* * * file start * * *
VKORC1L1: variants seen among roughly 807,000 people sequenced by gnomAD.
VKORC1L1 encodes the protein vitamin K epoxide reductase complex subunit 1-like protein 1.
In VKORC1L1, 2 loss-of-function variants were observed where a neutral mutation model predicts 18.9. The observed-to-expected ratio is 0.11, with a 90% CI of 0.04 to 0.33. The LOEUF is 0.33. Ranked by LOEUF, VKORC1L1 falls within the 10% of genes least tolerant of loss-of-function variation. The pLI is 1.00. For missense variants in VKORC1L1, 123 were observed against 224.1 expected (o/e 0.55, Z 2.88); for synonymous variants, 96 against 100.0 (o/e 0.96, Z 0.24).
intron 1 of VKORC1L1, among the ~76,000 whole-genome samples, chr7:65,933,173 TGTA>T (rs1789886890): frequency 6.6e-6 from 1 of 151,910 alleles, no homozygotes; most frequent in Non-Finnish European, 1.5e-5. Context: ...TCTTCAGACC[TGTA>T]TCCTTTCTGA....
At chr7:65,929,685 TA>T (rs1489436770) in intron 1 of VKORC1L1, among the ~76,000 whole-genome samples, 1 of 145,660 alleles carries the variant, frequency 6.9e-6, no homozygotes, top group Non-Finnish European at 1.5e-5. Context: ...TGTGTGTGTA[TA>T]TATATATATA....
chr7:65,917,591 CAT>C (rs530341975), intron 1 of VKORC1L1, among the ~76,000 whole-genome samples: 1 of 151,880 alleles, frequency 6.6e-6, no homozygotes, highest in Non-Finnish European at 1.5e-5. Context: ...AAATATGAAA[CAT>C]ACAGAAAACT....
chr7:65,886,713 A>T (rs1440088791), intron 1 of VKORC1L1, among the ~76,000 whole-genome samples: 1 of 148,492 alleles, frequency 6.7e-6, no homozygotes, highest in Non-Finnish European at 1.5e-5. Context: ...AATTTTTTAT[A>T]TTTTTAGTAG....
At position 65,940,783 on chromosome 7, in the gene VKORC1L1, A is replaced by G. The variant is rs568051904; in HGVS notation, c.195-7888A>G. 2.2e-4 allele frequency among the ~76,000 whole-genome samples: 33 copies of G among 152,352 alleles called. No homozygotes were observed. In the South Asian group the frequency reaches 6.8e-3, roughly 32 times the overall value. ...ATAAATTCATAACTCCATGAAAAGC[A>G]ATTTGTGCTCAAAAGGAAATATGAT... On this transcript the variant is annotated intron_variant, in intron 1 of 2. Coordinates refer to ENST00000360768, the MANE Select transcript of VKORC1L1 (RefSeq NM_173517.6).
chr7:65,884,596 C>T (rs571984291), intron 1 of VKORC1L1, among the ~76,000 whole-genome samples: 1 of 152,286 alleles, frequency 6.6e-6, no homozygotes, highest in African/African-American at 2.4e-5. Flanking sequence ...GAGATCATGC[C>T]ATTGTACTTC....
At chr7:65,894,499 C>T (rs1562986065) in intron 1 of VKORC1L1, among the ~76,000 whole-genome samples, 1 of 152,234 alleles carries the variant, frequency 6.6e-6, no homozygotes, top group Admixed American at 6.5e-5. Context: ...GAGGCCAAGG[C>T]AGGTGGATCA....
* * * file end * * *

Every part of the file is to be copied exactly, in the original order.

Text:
VKORC1L1: variants seen among roughly 807,000 people sequenced by gnomAD.
VKORC1L1 encodes the protein vitamin K epoxide reductase complex subunit 1-like protein 1.
In VKORC1L1, 2 loss-of-function variants were observed where a neutral mutation model predicts 18.9. The observed-to-expected ratio is 0.11, with a 90% CI of 0.04 to 0.33. The LOEUF is 0.33. Ranked by LOEUF, VKORC1L1 falls within the 10% of genes least tolerant of loss-of-function variation. The pLI is 1.00. For missense variants in VKORC1L1, 123 were observed against 224.1 expected (o/e 0.55, Z 2.88); for synonymous variants, 96 against 100.0 (o/e 0.96, Z 0.24).
intron 1 of VKORC1L1, among the ~76,000 whole-genome samples, chr7:65,933,173 TGTA>T (rs1789886890): frequency 6.6e-6 from 1 of 151,910 alleles, no homozygotes; most frequent in Non-Finnish European, 1.5e-5. Context: ...TCTTCAGACC[TGTA>T]TCCTTTCTGA....
At chr7:65,929,685 TA>T (rs1489436770) in intron 1 of VKORC1L1, among the ~76,000 whole-genome samples, 1 of 145,660 alleles carries the variant, frequency 6.9e-6, no homozygotes, top group Non-Finnish European at 1.5e-5. Context: ...TGTGTGTGTA[TA>T]TATATATATA....
chr7:65,917,591 CAT>C (rs530341975), intron 1 of VKORC1L1, among the ~76,000 whole-genome samples: 1 of 151,880 alleles, frequency 6.6e-6, no homozygotes, highest in Non-Finnish European at 1.5e-5. Context: ...AAATATGAAA[CAT>C]ACAGAAAACT....
chr7:65,886,713 A>T (rs1440088791), intron 1 of VKORC1L1, among the ~76,000 whole-genome samples: 1 of 148,492 alleles, frequency 6.7e-6, no homozygotes, highest in Non-Finnish European at 1.5e-5. Context: ...AATTTTTTAT[A>T]TTTTTAGTAG....
At position 65,940,783 on chromosome 7, in the gene VKORC1L1, A is replaced by G. The variant is rs568051904; in HGVS notation, c.195-7888A>G. 2.2e-4 allele frequency among the ~76,000 whole-genome samples: 33 copies of G among 152,352 alleles called. No homozygotes were observed. In the South Asian group the frequency reaches 6.8e-3, roughly 32 times the overall value. ...ATAAATTCATAACTCCATGAAAAGC[A>G]ATTTGTGCTCAAAAGGAAATATGAT... On this transcript the variant is annotated intron_variant, in intron 1 of 2. Coordinates refer to ENST00000360768, the MANE Select transcript of VKORC1L1 (RefSeq NM_173517.6).
chr7:65,884,596 C>T (rs571984291), intron 1 of VKORC1L1, among the ~76,000 whole-genome samples: 1 of 152,286 alleles, frequency 6.6e-6, no homozygotes, highest in African/African-American at 2.4e-5. Flanking sequence ...GAGATCATGC[C>T]ATTGTACTTC....
At chr7:65,894,499 C>T (rs1562986065) in intron 1 of VKORC1L1, among the ~76,000 whole-genome samples, 1 of 152,234 alleles carries the variant, frequency 6.6e-6, no homozygotes, top group Admixed American at 6.5e-5. Context: ...GAGGCCAAGG[C>T]AGGTGGATCA....